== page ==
Wednesday, October 16, 2013

Scott Pilgrim: Precious Little Life by Bryan Lee O'Malley (2004)

My favorite panel in the book
So I asked a new, younger friend (twenty year difference in our ages) some suggestions for graphic novels.  As a librarian (and a former teen librarian), I'm certainly familiar with graphic novels; I'm not a novice.  But I'm certainly not a connoisseur of the literary art form.  I have similar trouble talking about picture books - I don't feel like my knowledge of art (style, terms, history) qualifies me to say anything pertinent or interesting about picture books, and I feel the same way about graphic novels. I  know what I like, and what I don't like, and sometimes that's very vague.  It's not exactly like Jack Donaghy on 30 Rock saying "We know what art is - it's paintings of horses" or Harry S. Truman's ham and eggs art: "He liked the old masters.  His taste in American art, not surprisingly, ran to the paintings of Missouri riverboatmen and Missouri politics by George Caleb Bingham, or the western scenes of Frederic Remington."  (I'm quoting this from one of my favorite biographies and one of the best biographies ever written, Truman by David McCullough).  It's more like I can appreciate art, but I can't talk about it intelligently.

Literature I can talk about intelligently (well, at least I think I can; I'm certainly not a college professor, but I have a semblance of education, and I'm good at reading and reasonably good at interpretation).  So as literature, Scott Pilgrim: Precious Little Life is really quite good.  It was engaging, the story kept me going, the dialogue seemed sharp and smart.  I had to discuss the ending with my friend (I won't give it away) and that led to further discussion about the book have similar plot points to a video game (the samurai-esque battle of the ex-boyfriends and their magical powers, for example), which his generation kens and accepts far more easily maybe than my generation (or at least me).  Once we discussed that, I was like "Ohhhh, I get it" which made the book all the more enjoyable - I adore clever and witty, even when I don't always instantly (or ever) understand it (read:  Terry Pratchett).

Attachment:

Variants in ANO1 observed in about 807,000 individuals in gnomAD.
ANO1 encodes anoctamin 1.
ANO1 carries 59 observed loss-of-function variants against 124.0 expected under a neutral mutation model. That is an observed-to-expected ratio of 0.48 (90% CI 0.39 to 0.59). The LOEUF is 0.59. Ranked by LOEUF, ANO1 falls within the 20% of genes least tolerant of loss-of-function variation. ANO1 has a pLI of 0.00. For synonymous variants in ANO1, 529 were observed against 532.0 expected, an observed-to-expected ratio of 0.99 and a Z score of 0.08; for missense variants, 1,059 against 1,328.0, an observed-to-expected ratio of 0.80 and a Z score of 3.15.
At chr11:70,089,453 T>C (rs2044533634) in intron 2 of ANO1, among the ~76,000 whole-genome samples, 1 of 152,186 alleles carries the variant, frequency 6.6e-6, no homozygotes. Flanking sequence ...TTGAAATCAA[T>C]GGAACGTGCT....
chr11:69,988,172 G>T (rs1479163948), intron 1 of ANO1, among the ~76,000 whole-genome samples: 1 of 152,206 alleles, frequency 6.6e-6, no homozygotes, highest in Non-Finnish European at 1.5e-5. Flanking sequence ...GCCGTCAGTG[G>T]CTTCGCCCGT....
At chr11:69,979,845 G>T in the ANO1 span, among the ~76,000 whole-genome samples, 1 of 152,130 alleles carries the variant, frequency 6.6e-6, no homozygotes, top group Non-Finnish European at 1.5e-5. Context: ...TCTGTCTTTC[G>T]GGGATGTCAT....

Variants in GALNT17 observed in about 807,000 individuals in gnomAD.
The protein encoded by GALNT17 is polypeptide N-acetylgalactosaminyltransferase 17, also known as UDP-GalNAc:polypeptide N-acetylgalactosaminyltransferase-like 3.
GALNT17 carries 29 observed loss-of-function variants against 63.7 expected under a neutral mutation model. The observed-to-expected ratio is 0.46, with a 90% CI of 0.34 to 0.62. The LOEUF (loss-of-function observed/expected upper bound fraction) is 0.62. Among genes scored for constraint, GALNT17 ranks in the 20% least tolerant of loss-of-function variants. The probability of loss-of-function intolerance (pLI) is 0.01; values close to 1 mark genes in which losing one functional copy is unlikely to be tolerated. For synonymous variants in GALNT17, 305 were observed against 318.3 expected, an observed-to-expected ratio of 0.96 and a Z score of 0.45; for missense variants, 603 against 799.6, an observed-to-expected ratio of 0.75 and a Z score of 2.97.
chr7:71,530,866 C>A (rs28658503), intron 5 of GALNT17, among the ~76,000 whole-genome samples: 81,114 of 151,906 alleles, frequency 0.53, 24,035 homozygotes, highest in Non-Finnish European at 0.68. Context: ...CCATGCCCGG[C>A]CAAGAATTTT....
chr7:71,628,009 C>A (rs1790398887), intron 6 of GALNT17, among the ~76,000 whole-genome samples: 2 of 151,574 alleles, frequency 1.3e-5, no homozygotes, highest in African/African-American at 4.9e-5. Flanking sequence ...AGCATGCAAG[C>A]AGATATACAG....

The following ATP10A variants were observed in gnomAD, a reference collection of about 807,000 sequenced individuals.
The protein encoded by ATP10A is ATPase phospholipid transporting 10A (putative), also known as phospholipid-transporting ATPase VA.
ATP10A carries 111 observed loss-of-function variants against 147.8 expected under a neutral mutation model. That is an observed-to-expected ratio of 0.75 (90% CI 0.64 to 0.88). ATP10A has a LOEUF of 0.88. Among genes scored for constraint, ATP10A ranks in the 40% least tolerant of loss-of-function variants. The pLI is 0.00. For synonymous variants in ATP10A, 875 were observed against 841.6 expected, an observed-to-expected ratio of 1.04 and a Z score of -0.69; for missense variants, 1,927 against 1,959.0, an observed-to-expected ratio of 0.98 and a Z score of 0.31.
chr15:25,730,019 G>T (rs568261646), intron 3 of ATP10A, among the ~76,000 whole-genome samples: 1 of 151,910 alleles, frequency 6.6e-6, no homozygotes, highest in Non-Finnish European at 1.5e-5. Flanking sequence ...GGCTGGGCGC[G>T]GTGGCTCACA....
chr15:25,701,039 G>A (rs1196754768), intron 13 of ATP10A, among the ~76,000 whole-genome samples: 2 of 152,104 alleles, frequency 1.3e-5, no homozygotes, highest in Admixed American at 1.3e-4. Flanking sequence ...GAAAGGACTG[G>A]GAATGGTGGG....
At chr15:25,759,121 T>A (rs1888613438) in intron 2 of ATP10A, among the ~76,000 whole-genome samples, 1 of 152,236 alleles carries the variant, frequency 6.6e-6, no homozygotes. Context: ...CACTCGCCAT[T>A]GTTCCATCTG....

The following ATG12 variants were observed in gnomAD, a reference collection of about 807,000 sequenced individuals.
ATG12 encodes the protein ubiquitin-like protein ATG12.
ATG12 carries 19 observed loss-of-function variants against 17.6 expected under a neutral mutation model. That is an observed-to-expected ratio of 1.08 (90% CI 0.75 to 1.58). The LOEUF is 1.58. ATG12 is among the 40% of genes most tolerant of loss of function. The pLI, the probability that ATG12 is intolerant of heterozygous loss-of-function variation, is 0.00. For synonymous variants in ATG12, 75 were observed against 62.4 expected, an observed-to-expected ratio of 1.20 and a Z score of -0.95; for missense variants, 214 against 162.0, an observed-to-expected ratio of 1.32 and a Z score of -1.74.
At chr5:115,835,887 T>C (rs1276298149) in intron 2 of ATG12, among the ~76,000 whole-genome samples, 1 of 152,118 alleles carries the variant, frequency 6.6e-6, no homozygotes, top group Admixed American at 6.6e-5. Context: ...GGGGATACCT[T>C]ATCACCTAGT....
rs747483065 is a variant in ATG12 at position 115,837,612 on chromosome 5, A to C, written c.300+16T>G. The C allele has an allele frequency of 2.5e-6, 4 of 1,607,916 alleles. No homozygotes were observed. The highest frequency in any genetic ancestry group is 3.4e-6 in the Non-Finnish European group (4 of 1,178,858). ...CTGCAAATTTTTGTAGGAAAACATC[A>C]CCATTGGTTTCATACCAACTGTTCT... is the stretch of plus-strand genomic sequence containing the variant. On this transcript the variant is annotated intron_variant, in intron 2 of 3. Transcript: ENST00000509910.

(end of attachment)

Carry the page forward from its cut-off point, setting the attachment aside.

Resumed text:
But graphic novels are more than just literary in form, they combine literature and art, and that's where I get stuck.  Graphic novels aren't always very easy to read (I was lost for most of Watchmen, for example, although at least I tried).  I tend to swing back and forth on manga, and Scott Pilgrim certainly shares characteristics of manga (another discussion we had) even if it's not strictly manga (or is it?).  Things I liked were perspective (see illustration above); the use of black, white and gray (particularly the snow storm in the middle of the book, which was quite lovely and moving).  Things I didn't like are the same things I generally don't like about graphic novels:  the characters aren't always very distinguishable from one another (is that on purpose?  Or is that my fault?).  I'm never sure where I need to be looking at any given moment (read or look at the pictures, read or look at the pictures).  I have the same trouble with pictures books sometimes; I also have the same problem at the opera (watch what's going or read the translations).

This is only volume one of six volumes, which I plan to read - so I have a way to go.  My initial reaction has been "I like this.  It's quite good."  If the next five are equally humorous, witty, and well told, then I'm going to be a happy reader by the end of book six.

Scott Pilgrim's Precious Little Life (Scott Pilgrim, #1)Scott Pilgrim's Precious Little Life by Bryan Lee O'Malley
My rating: 3 of 5 stars

My taste in graphic novels tends to run more towards Uncle Scrooge, but I was pleasantly surprised at how much I enjoyed this first of six volumes.  Literature-wise, Precious Little Life was engaging, with sharp, funny dialogue.  I had to discuss some of the finer (and frankly, weirder) points with a younger graphic novel connoisseur (who suggested this to me in the first place), who explained that the book has as much in common with a video game as it does a novel or comic book - that was a eureka moment for me.  I adore witty and clever books and authors (Terry Pratchett), even when I don't always fully understand the joke.  I think this is also artistically very successful as well.  There is a great use of blacks, whites and grays; the snow storm in the middle of the book is really lovely.  Some of the perspectives are incredible (I thought the "swing" scene was quite beautifully done).  If the next five books are as good as this one, I'm going to be one pleasantly contented and happy reader at the end of book six.

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